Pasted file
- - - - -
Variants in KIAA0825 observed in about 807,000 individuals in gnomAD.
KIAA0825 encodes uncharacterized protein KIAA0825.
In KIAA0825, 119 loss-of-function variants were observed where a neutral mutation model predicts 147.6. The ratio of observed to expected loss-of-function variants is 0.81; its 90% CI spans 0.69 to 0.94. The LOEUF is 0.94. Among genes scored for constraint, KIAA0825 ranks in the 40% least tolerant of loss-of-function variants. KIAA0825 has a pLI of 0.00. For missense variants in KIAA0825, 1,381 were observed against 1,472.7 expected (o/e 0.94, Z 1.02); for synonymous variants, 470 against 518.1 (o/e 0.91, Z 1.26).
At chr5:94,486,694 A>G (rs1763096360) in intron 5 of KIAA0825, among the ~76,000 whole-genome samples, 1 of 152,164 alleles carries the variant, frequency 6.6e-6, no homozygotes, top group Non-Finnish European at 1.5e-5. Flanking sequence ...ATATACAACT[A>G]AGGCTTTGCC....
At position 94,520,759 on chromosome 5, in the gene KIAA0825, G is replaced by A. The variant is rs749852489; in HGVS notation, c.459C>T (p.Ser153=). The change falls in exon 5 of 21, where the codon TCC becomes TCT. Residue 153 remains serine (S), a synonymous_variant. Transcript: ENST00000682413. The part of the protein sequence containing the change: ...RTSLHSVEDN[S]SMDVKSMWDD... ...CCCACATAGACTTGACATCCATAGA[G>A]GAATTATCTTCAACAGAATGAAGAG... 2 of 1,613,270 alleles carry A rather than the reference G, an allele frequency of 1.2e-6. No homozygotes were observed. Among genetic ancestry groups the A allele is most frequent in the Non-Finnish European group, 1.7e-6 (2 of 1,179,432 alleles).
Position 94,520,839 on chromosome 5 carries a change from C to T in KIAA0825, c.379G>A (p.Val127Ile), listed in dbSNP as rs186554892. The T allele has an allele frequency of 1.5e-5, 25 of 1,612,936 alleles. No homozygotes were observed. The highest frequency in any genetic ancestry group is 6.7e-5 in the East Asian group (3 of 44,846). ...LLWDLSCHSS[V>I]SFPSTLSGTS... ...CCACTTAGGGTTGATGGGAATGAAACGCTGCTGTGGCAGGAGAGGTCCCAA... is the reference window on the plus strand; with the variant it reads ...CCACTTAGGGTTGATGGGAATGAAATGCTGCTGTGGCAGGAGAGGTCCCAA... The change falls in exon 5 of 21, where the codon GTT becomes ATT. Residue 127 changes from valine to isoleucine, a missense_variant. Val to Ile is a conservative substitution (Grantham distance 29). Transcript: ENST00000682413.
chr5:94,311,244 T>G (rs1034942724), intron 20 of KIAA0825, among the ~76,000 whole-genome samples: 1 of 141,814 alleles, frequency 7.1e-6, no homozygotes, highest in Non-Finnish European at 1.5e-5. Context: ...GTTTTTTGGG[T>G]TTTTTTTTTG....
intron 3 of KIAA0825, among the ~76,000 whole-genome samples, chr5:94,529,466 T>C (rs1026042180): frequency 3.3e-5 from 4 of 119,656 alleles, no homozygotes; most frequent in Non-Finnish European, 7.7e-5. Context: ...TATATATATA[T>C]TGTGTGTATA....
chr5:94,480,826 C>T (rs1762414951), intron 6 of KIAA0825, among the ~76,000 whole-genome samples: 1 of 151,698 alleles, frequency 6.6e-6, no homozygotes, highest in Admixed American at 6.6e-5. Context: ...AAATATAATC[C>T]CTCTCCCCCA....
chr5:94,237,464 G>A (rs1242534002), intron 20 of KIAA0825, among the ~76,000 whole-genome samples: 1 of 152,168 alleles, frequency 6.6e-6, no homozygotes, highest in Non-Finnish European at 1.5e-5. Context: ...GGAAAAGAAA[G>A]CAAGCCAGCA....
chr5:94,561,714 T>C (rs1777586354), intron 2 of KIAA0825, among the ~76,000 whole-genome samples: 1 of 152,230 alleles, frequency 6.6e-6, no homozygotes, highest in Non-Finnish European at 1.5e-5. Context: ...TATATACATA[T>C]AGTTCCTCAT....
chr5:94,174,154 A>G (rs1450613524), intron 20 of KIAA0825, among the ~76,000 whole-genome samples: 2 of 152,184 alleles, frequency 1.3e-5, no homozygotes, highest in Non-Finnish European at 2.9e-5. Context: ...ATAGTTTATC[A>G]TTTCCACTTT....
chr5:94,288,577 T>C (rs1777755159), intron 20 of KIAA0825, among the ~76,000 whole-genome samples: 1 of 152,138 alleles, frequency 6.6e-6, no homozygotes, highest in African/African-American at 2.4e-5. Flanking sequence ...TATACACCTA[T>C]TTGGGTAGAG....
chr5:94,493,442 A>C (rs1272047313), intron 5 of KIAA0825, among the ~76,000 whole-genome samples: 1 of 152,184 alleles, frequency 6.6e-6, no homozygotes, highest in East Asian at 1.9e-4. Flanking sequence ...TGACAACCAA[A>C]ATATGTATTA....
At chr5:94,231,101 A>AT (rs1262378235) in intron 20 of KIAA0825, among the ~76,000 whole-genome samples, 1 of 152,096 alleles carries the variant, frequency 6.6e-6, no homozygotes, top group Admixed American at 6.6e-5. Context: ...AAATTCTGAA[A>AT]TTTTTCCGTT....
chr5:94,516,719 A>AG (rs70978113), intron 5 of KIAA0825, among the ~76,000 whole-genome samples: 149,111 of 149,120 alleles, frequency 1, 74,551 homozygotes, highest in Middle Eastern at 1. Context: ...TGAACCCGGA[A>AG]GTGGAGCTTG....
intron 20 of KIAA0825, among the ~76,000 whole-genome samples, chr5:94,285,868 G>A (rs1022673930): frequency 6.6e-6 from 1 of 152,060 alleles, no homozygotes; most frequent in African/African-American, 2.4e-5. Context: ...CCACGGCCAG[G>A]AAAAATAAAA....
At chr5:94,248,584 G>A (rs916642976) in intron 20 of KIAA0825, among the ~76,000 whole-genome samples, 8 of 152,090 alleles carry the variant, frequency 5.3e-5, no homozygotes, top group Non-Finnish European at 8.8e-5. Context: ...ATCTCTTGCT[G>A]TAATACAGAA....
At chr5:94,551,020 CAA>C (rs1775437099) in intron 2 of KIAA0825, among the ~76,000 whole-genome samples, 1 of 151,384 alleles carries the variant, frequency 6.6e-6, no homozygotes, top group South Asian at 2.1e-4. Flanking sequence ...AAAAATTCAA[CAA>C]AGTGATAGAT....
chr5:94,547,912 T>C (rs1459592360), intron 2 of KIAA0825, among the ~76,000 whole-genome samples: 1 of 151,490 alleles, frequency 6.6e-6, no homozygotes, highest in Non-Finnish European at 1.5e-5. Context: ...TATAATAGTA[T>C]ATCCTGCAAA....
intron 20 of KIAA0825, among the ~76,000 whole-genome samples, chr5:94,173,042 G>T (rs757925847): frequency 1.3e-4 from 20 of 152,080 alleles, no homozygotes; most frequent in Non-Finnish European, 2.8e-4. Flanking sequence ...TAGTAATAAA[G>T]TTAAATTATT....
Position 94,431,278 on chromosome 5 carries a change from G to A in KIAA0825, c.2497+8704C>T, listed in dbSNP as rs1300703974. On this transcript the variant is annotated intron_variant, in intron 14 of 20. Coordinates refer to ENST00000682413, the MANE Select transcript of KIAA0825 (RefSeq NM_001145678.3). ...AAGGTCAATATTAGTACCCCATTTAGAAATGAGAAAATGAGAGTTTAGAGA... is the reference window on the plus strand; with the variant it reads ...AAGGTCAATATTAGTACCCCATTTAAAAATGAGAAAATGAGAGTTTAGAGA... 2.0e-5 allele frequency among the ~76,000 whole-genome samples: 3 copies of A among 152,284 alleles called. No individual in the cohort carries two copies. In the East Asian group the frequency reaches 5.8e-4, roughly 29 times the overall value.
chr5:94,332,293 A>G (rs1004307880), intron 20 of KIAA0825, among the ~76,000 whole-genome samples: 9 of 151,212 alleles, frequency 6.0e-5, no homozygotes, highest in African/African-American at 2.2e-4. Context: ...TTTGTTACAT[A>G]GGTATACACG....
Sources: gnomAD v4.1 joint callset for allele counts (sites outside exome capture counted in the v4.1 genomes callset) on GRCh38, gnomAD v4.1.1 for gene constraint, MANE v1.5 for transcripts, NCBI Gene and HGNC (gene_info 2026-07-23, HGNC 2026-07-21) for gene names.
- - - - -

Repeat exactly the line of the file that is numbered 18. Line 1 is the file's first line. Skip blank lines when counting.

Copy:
At chr5:94,248,584 G>A (rs916642976) in intron 20 of KIAA0825, among the ~76,000 whole-genome samples, 8 of 152,090 alleles carry the variant, frequency 5.3e-5, no homozygotes, top group Non-Finnish European at 8.8e-5. Context: ...ATCTCTTGCT[G>A]TAATACAGAA....